With Dean Smith’s recent passing, I’ve been spending the last few days thinking about one of my favorite college basketball programs, The University of North Carolina Tar Heels.
The legacy of Coach Smith's tenure at this esteemed institution immediately conjures up words like prestige, championships, class and dominance, along with Hall of Fame names like James Worthy, Larry Brown, Billy Cunningham, Bob McAdoo and Michael Jordan. They’ve won 29 ACC regular season titles, 17 ACC tourney titles, competed in 18 Final Fours, appeared in nine title games and captured five National Championships.
I’m always interested in the foundation and architecture behind a program’s ascension to such rarefied heights. How did the program elevate to that penthouse level? How did the hoops program create the intense fanaticism and enthusiasm that spread, like the rhetoric of fear and ignorance at a Rudy Guiliani press conference, throughout the state and the entire country?
The University of North Carolina started playing basketball in 1910. From 1921 through the early 1950’s, they dominated the Southern Conference. In 1953, they became a founding member of the Atlantic Coast Conference.
During and prior to the 1950’s, though, the quality of the game in the south was considered inferior to the brand being played up north. North Carolina may have been dominating in the Southern Conference, but other programs had no true respect for their accomplishments.
In 1953, that began to change when Carolina hired the coach of New York City’s St. John’s University, Frank McGuire.
Highly respected, McGuire led St. John’s to both the College Baseball World Series in 1949 and the hoops Final Four in 1952.
He didn’t make the move to UNC – like many coaches today – because of endorsement revenue, an astronomical signing bonus and salary. His son Frankie suffered from cerebral palsy and caring for him in the Big Apple was becoming increasingly difficult.
Once settled in Chapel Hill, McGuire, a New Yorker to the core of his essence, did what he’d always done. He hit the pavement to stock his roster. His first game, only 1,200 fans showed up. His office was a shabby old bathroom that had been reconstituted.
But McGuire scoured the playgrounds and New York City hoops culture to transplant the city game down to his new home, establishing a powerful pipeline that would deliver the players that would propel the Tar Heels on an incredible upward trajectory.
The Bronx’s Lenny Rosenbluth, Brooklyn’s Joe Quigg and Pete Brennan, Harlem’s Bob Cunningham and Jersey’s Tommy Kearns, who played his high school ball for the great Lou Carnesecca at St. Ann’s in Manhattan, were among the first city transplants.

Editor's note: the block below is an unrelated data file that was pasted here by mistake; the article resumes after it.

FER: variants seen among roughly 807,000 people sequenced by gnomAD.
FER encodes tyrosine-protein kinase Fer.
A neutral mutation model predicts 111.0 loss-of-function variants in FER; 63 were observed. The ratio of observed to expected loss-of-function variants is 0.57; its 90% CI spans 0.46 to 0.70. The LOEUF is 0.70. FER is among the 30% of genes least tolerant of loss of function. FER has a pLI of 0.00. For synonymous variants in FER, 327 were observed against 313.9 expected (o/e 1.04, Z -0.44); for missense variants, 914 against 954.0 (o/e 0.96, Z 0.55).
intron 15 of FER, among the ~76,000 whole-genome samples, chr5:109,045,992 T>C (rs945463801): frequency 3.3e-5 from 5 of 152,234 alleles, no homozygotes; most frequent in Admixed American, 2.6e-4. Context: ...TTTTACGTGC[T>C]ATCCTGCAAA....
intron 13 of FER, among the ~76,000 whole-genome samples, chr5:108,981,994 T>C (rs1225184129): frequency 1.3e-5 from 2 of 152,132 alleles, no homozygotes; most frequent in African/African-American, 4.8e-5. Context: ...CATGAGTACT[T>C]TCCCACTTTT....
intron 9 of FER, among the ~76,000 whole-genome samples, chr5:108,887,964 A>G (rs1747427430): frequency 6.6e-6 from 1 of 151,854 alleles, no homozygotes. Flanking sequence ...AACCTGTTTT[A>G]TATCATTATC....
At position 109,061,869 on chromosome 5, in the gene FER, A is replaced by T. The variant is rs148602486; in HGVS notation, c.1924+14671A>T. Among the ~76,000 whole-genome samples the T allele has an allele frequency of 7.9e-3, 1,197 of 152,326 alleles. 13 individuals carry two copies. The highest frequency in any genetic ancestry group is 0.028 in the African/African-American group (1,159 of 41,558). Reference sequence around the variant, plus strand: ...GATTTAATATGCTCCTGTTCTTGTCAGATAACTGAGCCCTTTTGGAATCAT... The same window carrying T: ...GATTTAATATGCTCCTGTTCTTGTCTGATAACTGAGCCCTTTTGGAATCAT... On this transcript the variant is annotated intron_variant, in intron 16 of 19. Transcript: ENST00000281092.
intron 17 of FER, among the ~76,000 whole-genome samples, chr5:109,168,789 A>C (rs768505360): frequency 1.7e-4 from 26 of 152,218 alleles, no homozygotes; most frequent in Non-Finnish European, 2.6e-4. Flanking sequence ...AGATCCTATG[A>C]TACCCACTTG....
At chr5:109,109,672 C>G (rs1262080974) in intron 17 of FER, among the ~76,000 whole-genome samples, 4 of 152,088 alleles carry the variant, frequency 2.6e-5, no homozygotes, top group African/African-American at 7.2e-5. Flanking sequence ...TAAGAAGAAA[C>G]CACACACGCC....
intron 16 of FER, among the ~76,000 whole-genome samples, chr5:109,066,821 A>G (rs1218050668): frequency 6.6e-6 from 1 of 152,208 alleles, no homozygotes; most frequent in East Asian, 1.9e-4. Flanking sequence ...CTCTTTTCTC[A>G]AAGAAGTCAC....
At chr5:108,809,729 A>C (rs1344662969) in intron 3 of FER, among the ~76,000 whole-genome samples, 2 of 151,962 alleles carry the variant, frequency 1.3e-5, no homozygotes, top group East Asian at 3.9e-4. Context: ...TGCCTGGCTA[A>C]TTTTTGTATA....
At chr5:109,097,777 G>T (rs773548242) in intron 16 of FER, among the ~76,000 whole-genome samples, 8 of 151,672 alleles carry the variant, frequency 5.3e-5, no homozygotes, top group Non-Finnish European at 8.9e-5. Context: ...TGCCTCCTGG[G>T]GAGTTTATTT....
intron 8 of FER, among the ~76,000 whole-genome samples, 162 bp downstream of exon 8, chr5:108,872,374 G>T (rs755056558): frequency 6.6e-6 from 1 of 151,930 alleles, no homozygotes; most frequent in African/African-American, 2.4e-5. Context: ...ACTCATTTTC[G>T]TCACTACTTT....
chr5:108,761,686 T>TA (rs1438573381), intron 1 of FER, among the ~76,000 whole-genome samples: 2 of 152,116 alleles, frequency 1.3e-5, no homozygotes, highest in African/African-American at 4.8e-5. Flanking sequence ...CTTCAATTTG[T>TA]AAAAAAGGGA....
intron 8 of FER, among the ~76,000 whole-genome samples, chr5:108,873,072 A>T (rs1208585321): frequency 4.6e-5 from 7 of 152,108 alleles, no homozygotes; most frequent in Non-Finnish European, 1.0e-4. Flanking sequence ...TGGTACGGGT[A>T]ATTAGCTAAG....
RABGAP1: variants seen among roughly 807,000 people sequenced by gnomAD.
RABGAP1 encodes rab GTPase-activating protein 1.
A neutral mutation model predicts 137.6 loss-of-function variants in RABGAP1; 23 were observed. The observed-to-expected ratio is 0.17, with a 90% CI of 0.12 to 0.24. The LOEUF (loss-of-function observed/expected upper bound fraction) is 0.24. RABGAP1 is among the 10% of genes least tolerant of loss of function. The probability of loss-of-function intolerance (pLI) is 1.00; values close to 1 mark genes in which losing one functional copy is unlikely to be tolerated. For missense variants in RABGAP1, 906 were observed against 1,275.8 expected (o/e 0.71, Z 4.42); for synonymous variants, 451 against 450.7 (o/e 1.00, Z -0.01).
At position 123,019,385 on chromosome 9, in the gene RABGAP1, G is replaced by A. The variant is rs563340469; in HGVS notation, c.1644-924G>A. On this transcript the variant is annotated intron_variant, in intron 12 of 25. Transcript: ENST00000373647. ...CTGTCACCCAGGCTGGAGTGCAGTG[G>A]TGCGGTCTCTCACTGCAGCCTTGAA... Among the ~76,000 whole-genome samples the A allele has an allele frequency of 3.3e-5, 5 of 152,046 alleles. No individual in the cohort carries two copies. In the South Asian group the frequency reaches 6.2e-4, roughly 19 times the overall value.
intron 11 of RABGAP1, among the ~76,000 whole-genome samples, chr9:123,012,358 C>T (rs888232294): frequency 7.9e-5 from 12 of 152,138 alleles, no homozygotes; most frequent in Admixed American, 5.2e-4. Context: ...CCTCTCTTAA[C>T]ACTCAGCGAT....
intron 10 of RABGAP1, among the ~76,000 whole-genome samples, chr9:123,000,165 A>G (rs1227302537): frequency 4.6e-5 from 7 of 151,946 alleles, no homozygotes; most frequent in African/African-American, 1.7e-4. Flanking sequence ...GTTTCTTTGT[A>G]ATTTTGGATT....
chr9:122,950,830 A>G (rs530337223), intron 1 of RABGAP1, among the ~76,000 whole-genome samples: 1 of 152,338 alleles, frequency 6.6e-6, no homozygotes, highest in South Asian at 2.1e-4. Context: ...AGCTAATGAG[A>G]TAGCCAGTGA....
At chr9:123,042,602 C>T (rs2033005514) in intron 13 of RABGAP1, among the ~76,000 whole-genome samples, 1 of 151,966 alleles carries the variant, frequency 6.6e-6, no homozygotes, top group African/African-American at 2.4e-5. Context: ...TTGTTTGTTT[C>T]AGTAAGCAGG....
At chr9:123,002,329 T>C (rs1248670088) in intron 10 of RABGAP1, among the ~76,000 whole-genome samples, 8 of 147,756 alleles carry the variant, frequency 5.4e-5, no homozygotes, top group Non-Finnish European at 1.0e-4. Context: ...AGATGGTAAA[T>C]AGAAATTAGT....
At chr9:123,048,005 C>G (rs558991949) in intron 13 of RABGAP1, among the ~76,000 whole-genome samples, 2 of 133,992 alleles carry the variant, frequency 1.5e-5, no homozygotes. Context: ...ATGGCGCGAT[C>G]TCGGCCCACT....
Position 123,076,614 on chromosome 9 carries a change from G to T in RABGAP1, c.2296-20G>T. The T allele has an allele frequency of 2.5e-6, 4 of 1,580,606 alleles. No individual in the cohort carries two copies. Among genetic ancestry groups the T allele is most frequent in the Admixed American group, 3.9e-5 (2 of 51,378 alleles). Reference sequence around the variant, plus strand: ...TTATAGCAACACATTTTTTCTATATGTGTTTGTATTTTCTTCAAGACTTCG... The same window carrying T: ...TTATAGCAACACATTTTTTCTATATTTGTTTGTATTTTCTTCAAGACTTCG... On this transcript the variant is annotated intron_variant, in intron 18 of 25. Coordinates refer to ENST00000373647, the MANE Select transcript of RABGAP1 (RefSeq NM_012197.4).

Rosenbluth was a mysterious, 6-foot-5 scorer whose prep career consisted of a mere seven games. He did his damage on the city’s asphalt playgrounds and made his way to UNC on the recommendation of a street scout.
In 1957, the Tar Heels defeated Wilt Chamberlain’s Kansas Jayhawks in triple overtime to win the NCAA title. At the time, it was considered one of the greatest upsets in the history of sports as no one thought Carolina's undersized crew could handle Wilt the Stilt.
That championship game was televised throughout the state and was a pivotal impetus in the local interest that the sport seemed to instantly generate.
In 1961, assistant coach Dean Smith took over the program’s reigns in the wake of a recruiting scandal that forced McGuire to resign.
Smith maintained the connection to the playgrounds of New York’s five boroughs and high school hoops infrastructure, recruiting Harlem’s phenomenal Charlie Scott, who became the school’s first African-American scholarship basketball player ever. Another of his early recruits was Brooklyn’s Billy “The Kangaroo Kid” Cunningham out of Erasmus Hall High School.
Throughout the years, Carolina kept that city flavor on their roster. From Sam Perkins to Ed Cota, from Larry Brown to Kenny “The Jet” Smith, from Jimmy Black, Derrick Phelps, Brian Reese and beyond; if there was a significant player in the New York area, Carolina was always in the recruiting mix.
(Ever Wonder Why They Called Kenny Smith "The Jet"?)
Without Frank McGuire, none of what you see today would have been put in motion. It was the playgrounds of New York City that produced McGuire, who perpetually went back to the well, again and again, to establish the UNC tradition. They used the city game to forge the Tar Heel legacy, simultaneously taking college hoops from a regional to national phenomenon.
It is a tradition that the great Dean Smith enhanced, the residual effects which live on today through Roy Williams, who is now recruiting similarly quick playmakers at the point guard position from the rich soil of the Metro Washington, D.C. and Maryland areas, like Ty Lawson, Nate Britt and Kendall Marshall.
The University of North Carolina’s tradition of excellence is one that that few can compete with, and its foundation was built purely with the concepts, mentality and aesthetics of the northern city game.
And, of course, we all know that Michael Jordan was born in Brooklyn!